By Kazunori Takada and Norihiko Shirouzu
GUANGZHOU/BEIJING (Reuters) - China's car buyers are growing up - with a more discerning view on the bang they want for their buck - and that could help Japanese automakers recover in a market where sales have been battered in protests over disputed East China Sea islets.
While Nissan Motor Co <7201.T>, Honda Motor Co <7267.T>, Toyota Motor Corp <7203.T> and Mazda Motor Corp <7261.T> count the cost of lost sales and dented profits from a violent anti-Japanese backlash in September, industry experts say now is the time to strike deeper into the world's biggest autos market rather than limp away and lick their wounds.
Paul Gao, a Hong Kong-based researcher at U.S. consultant McKinsey & Co, said the damage to Japanese brands should prove to be a "temporary phenomenon" as tensions were heightened in the run-up to this month's 18th Communist Party Congress - China's once-in-a-decade leadership change.
"Over the medium- to long-term, the Japanese (market) share in China will recover because for customers, especially those buying cars with their own money ... the nationality of the brand is not a major consideration, whether it's Japanese, Korean, whatever. In the end, they think about performance, styling, fuel economy and safety," Gao said, adding it would be a mistake for the Japanese to shift focus away from China.
He said the Japanese should now be "doubling their efforts" to win back China market share from Volkswagen
"For their first car, as they had no ownership experience, they gravitated towards flashy cars and were impressed by advertising and sales campaigns. Now they are looking for something more rational - quality, safety, durability - areas where Japanese brands like Toyota excel," he said.
Demand for leading Japanese car brands in China virtually halved last month, cutting Japanese firms' market share to 17 percent from 19 percent at end-August.
Blaming the China impact, Nissan - the most exposed of the three big Japanese automakers to China - cut its full-year net profit forecast by a fifth, while Honda also revised down its forecasts for the year by 20 percent. Toyota, also badly hit in China, managed to increase its annual profit forecast as it is less exposed to that market. China accounts for 27 percent of Nissan's total vehicle sales, a fifth of Honda's sales and 12 percent of Toyota's global sales.
Mazda said on Thursday it expects its China car sales to fall by more than a third this month from a year earlier, dragging fourth-quarter sales down by around 40 percent, but the firm's China chief, Noriaki Yamada, hoped China would be back to 'business as usual' by the end of March.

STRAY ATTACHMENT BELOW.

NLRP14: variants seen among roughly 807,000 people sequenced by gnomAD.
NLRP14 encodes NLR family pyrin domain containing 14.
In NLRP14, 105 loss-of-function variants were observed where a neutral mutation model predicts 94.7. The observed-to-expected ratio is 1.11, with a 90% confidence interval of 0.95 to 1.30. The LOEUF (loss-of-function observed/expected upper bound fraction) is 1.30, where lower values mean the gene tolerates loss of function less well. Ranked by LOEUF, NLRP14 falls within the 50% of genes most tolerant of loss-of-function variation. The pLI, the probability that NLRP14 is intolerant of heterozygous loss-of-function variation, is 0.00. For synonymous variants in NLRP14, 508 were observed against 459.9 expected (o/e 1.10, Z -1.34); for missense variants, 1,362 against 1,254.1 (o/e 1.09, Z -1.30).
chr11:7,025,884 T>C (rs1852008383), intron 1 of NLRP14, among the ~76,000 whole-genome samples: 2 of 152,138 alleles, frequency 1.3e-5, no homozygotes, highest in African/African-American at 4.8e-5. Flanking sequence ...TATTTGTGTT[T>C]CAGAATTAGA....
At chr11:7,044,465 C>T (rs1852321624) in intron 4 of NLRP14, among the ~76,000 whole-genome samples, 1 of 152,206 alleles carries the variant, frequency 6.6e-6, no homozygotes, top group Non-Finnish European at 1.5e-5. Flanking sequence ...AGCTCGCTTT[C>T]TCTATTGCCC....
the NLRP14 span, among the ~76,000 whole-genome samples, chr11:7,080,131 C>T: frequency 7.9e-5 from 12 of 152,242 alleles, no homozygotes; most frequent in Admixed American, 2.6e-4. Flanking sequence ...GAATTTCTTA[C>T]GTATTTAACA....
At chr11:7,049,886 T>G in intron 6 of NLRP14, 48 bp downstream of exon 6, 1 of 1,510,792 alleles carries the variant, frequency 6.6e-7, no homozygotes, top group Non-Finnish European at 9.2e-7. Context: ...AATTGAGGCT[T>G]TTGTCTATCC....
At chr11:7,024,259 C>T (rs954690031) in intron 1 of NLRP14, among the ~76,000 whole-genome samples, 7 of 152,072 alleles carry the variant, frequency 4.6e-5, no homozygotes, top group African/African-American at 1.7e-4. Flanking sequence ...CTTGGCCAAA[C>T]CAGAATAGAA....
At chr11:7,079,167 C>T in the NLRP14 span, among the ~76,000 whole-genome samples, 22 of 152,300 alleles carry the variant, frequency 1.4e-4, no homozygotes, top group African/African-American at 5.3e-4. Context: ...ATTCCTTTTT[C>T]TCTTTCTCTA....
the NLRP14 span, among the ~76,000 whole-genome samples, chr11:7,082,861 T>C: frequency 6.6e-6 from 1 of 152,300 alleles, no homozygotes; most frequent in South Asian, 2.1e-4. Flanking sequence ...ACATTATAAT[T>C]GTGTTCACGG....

Speaking on the sidelines of the Guangzhou autoshow in southeastern China, the first major industry event since the anti-Japanese protests, Yamada said Mazda was also changing tack on the way it markets its brand in China - preferring a more direct and personal touch than traditional mass media advertising.
"We need to increase the opportunities where we and our customers can directly interact," he told reporters, noting Mazda would invite more potential buyers to test drive its cars, take part in more of China's local auto shows and further expand its dealership network. "We think it's better to allocate our budget on these events rather than on advertising."
In a bid to win back the hearts and wallets of Chinese drivers weeks after Tokyo's nationalization of two islets - known to Chinese as the Diaoyu and to Japanese as the Senkaku - Japan's carmakers have compensated car owners and dealers for damage and injuries incurred during the protests - though this has been a low-key campaign as they don't want to invite a flood of unrelated claims. None of the carmakers has said how many cases are involved or how much they expect to pay out.
"We need to shoulder responsibility if they face challenges," Ren Yong, vice president of Nissan's local joint venture with Dongfeng Automobile Co Ltd <600081.SS>, told reporters at the Guangzhou event. The venture said it will offer a new car to buyers returning a vehicle over a quality issue - within 7 days of purchase and with mileage below 1,000 km.
While recovery in China will be helped by a softening yen - the Japanese currency has weakened to 82 to the dollar from around 77.5 in late-September, making exports more competitive - it could be the Japanese firms' quality, value-for-money and cost management that seal the recuperation.
"Japanese firms may not produce the most eye-catching products or brand marketing campaigns, but they invest in the long-term relationship with suppliers to improve the cost structure and improve the quality. This is what Americans and Germans don't do that well," said McKinsey's Gao.
(Additional reporting by Fang Yan in Shanghai and Yoko Kubota in Tokyo; Editing by Ian Geoghegan)